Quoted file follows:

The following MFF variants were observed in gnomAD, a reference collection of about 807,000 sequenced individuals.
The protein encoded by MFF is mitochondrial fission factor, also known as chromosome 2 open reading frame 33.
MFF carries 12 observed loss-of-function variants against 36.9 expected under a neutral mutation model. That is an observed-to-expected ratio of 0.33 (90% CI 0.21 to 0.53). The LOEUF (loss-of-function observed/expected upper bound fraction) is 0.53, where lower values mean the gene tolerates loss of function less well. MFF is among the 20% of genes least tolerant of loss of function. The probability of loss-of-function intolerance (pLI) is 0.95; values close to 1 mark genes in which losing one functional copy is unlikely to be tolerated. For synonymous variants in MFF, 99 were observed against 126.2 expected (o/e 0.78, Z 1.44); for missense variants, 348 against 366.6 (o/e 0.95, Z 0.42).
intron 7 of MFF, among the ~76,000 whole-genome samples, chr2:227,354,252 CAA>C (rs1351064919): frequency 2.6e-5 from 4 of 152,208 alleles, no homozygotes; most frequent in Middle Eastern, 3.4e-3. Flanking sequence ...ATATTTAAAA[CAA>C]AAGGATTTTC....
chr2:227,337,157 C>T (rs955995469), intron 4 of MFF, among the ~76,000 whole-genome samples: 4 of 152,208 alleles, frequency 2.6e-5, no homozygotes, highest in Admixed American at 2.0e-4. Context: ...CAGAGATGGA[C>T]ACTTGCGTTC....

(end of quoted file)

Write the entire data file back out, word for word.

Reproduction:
The following MFF variants were observed in gnomAD, a reference collection of about 807,000 sequenced individuals.
The protein encoded by MFF is mitochondrial fission factor, also known as chromosome 2 open reading frame 33.
MFF carries 12 observed loss-of-function variants against 36.9 expected under a neutral mutation model. That is an observed-to-expected ratio of 0.33 (90% CI 0.21 to 0.53). The LOEUF (loss-of-function observed/expected upper bound fraction) is 0.53, where lower values mean the gene tolerates loss of function less well. MFF is among the 20% of genes least tolerant of loss of function. The probability of loss-of-function intolerance (pLI) is 0.95; values close to 1 mark genes in which losing one functional copy is unlikely to be tolerated. For synonymous variants in MFF, 99 were observed against 126.2 expected (o/e 0.78, Z 1.44); for missense variants, 348 against 366.6 (o/e 0.95, Z 0.42).
intron 7 of MFF, among the ~76,000 whole-genome samples, chr2:227,354,252 CAA>C (rs1351064919): frequency 2.6e-5 from 4 of 152,208 alleles, no homozygotes; most frequent in Middle Eastern, 3.4e-3. Flanking sequence ...ATATTTAAAA[CAA>C]AAGGATTTTC....
chr2:227,337,157 C>T (rs955995469), intron 4 of MFF, among the ~76,000 whole-genome samples: 4 of 152,208 alleles, frequency 2.6e-5, no homozygotes, highest in Admixed American at 2.0e-4. Context: ...CAGAGATGGA[C>T]ACTTGCGTTC....